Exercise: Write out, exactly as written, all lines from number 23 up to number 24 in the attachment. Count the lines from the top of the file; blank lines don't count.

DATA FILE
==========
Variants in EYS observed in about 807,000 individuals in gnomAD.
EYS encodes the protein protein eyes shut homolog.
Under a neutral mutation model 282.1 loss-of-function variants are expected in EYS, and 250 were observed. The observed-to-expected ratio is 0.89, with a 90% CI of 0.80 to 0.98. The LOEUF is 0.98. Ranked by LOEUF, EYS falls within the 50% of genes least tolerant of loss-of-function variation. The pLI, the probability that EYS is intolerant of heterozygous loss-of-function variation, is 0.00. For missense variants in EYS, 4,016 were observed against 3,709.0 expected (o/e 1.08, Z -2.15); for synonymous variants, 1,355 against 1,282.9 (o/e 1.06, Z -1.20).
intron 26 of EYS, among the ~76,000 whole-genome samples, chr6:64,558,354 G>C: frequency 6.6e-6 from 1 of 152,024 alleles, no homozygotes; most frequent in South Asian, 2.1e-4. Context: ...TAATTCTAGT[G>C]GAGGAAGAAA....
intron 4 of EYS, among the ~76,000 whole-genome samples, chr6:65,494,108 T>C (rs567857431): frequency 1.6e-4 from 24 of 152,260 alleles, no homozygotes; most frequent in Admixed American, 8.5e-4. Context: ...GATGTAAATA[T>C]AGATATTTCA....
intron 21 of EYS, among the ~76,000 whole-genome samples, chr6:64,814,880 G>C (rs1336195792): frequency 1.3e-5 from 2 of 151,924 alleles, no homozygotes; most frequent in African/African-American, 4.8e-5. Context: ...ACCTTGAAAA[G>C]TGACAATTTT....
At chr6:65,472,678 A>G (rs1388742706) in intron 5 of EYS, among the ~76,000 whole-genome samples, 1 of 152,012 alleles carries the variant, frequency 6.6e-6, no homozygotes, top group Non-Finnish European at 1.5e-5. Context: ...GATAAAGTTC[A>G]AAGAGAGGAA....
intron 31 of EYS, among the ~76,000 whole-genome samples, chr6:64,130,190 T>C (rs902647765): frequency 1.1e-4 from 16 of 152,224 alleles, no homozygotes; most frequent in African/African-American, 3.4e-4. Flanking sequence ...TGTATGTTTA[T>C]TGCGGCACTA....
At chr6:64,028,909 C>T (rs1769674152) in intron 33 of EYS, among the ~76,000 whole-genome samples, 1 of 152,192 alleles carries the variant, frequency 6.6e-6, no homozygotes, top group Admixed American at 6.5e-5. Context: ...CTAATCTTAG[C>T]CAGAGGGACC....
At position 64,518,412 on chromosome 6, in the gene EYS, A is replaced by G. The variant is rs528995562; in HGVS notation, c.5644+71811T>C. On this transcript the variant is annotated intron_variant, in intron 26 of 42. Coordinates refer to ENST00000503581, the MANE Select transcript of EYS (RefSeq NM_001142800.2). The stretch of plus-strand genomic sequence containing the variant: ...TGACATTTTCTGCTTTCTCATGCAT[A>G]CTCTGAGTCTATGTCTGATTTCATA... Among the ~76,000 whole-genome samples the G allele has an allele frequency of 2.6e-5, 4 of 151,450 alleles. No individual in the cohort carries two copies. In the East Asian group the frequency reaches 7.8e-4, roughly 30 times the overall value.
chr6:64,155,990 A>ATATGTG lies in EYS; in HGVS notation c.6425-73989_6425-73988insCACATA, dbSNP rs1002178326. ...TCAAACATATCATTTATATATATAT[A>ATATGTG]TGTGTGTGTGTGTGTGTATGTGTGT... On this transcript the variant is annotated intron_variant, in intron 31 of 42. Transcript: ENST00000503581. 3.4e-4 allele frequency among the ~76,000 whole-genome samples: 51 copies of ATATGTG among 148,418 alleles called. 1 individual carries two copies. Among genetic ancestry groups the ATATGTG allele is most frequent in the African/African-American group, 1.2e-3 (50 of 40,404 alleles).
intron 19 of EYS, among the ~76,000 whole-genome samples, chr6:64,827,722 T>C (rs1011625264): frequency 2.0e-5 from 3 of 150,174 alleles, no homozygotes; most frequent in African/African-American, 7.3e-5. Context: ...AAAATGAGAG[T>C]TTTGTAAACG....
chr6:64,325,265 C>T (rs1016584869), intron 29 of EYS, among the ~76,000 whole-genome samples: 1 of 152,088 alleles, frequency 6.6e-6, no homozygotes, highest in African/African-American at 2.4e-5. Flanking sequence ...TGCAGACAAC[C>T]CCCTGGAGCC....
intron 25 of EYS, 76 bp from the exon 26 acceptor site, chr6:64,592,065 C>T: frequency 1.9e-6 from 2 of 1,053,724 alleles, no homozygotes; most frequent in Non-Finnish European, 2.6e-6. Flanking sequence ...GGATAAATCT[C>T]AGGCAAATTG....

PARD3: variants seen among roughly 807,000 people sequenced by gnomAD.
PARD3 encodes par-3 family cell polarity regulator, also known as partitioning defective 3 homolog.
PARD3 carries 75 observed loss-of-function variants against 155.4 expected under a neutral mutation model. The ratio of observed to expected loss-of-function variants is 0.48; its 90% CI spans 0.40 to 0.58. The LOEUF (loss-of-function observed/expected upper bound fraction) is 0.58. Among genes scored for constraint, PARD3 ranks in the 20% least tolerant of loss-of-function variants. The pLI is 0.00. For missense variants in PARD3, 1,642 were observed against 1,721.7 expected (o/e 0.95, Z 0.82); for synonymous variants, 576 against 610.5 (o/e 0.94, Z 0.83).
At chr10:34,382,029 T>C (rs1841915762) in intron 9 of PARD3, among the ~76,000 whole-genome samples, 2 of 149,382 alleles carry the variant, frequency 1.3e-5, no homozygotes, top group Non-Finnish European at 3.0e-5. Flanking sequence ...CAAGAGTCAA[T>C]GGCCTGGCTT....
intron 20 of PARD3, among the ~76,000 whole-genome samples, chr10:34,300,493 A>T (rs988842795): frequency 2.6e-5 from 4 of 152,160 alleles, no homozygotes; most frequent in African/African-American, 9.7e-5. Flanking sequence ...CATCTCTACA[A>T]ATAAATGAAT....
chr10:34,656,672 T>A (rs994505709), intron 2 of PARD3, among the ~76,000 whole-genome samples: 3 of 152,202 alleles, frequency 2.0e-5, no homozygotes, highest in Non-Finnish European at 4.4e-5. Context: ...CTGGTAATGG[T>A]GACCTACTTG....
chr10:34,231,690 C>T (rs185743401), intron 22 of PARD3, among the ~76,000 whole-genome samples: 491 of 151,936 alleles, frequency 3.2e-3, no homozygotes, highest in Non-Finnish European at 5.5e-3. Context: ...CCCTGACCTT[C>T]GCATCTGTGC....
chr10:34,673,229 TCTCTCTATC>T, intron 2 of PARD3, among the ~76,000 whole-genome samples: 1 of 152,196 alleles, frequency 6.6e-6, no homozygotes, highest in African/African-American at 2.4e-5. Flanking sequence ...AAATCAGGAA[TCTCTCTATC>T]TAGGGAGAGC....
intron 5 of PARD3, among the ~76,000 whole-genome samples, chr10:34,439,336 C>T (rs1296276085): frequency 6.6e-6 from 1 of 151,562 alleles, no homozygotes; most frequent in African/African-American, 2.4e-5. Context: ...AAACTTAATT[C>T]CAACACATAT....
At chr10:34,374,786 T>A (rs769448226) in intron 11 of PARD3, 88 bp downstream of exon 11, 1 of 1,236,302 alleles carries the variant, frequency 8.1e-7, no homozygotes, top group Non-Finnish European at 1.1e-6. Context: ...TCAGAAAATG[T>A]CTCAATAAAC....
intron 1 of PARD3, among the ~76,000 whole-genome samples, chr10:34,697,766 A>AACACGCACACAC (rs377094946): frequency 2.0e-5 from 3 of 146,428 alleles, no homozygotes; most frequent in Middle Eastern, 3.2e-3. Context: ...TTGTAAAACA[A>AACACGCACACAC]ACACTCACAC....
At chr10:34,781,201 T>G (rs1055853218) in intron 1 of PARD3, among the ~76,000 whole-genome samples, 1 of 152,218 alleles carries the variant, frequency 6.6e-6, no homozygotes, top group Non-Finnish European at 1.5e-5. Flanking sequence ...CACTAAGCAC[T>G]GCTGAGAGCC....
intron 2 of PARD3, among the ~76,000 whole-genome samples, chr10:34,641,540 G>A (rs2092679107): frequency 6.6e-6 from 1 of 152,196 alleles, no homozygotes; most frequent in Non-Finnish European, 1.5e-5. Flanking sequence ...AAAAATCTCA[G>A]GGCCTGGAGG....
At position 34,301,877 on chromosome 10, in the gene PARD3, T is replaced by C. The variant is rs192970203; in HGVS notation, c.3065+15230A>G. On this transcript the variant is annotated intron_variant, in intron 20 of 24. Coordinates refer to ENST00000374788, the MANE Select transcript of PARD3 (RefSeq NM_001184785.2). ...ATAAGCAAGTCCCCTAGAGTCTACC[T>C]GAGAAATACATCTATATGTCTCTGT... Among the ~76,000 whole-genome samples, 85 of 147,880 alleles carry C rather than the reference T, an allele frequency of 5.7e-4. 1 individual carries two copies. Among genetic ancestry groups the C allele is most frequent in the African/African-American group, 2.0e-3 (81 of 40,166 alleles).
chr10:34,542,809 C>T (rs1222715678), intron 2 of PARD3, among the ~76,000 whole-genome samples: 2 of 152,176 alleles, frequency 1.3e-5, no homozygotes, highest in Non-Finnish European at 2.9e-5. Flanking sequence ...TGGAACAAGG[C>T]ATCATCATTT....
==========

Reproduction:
intron 5 of PARD3, among the ~76,000 whole-genome samples, chr10:34,439,336 C>T (rs1296276085): frequency 6.6e-6 from 1 of 151,562 alleles, no homozygotes; most frequent in African/African-American, 2.4e-5. Context: ...AAACTTAATT[C>T]CAACACATAT....
At chr10:34,374,786 T>A (rs769448226) in intron 11 of PARD3, 88 bp downstream of exon 11, 1 of 1,236,302 alleles carries the variant, frequency 8.1e-7, no homozygotes, top group Non-Finnish European at 1.1e-6. Context: ...TCAGAAAATG[T>A]CTCAATAAAC....